Why Reading is Good for Children

Bedtime stories are a beautiful family tradition. Not only is it quality time with your child, but reading is a valuable way of learning for a child. Reading helps develop a child’s language skills while stimulating his or her imagination and creativity. Moreover, books are good for kids’ mental health.

Reading for Toddlers

Toddlers learn to speak mostly through hearing, but as a child learns to read, his or her language skills improve with this new ability. Children who read much when they are young are likely to enjoy it while they are teens as well, and this can help children grow up articulate and more inclined to learn well in school.

Children’s Books and Television

Imagine what kids can learn from television, and how easy it is to put a child in front of the television and have him or her entertained while you are busy. It is a simple solution to restless children. But one of the problems with television is that it does not require much thought or brain power, what with everything laid out for the viewer to see and hear.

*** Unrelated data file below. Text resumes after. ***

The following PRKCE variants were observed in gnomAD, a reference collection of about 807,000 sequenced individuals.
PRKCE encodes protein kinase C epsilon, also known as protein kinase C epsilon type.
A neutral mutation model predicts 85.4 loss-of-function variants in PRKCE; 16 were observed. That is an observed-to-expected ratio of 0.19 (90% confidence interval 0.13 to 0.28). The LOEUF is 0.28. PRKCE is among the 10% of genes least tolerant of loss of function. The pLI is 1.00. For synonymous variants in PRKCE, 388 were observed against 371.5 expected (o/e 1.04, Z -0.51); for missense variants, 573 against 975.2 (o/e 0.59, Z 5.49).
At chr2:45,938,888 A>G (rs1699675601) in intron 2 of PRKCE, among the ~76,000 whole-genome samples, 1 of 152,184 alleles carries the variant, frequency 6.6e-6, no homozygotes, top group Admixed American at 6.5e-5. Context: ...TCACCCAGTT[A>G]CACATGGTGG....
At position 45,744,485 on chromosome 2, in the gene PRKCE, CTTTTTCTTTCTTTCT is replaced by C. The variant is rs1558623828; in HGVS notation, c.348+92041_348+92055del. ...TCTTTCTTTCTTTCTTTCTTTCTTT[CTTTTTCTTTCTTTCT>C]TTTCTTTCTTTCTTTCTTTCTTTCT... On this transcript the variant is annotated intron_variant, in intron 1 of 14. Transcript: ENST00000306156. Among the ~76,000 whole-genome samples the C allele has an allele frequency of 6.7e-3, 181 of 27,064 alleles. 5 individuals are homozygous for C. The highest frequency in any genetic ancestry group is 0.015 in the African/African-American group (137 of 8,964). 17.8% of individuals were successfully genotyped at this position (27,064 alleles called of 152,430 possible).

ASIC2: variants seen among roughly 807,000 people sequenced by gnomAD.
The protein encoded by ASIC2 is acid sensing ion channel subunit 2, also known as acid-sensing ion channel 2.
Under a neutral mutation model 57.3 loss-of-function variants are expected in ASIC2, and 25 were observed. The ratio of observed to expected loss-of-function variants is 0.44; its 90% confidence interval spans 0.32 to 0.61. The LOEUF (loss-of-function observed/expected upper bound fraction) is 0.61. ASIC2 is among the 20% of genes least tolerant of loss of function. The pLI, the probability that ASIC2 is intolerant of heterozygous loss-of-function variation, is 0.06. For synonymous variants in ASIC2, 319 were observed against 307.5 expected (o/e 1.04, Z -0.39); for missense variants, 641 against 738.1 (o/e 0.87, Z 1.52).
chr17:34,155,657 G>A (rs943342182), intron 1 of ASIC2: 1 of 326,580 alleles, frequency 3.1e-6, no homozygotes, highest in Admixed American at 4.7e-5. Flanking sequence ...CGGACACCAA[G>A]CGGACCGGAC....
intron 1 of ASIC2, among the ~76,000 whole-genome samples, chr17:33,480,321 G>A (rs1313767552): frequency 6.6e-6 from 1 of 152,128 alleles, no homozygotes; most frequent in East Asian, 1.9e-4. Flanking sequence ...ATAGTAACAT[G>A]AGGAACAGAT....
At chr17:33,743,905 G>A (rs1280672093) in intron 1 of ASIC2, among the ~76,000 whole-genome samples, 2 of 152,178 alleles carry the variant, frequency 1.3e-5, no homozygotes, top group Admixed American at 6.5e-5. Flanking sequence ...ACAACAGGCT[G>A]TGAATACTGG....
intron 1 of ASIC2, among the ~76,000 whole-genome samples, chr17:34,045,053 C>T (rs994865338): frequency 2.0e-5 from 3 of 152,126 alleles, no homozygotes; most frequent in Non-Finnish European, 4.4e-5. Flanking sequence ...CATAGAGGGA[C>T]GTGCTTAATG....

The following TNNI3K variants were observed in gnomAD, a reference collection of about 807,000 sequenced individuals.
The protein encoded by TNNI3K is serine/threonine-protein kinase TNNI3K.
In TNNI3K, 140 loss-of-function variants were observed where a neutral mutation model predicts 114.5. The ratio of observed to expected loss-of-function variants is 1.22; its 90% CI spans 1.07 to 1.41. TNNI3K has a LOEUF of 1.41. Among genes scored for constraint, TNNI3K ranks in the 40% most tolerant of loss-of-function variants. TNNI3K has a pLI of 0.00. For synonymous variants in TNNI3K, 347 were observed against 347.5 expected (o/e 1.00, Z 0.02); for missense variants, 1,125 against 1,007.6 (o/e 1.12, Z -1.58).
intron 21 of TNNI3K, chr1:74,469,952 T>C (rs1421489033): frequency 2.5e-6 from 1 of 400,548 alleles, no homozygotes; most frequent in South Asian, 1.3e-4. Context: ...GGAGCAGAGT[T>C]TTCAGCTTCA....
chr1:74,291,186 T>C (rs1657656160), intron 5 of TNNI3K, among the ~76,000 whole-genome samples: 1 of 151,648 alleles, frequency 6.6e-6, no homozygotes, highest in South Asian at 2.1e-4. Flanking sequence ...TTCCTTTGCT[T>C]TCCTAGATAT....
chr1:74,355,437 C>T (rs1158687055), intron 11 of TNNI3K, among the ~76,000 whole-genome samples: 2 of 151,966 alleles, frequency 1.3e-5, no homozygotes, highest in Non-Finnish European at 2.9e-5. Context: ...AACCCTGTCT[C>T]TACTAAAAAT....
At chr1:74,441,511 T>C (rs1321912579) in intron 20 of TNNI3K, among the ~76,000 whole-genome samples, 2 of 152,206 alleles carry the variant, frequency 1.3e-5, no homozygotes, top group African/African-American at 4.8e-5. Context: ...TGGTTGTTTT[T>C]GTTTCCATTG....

Reading, on the other hand, is an interactive activity, requiring the reader to imagine out what they are reading. Children’s books also often present healthier ideas and scenarios to children than what television has to offer, having a better overall effect on a child’s mental health.

Children’s Imagination and Children’s Mental Health

Children have a naturally active imagination, one that allows them to create fictional lives for their toys and to pretend. As a child reads, this imagination is fed and becomes stronger, building a child’s creative abilities. As experts say, playing and interacting with others are also healthy pass-times for a young child to develop mentally and socially.
Bed time stories are the perfect blend of playing, interacting with others and reading for toddlers and young children. Consider the benefits to children’s health and take the time to read good stories with your children before bed.


Media-Awareness.ca. “Televisions Impact on Kids”

KidsHealth.org. “How TV Affects Your Child”

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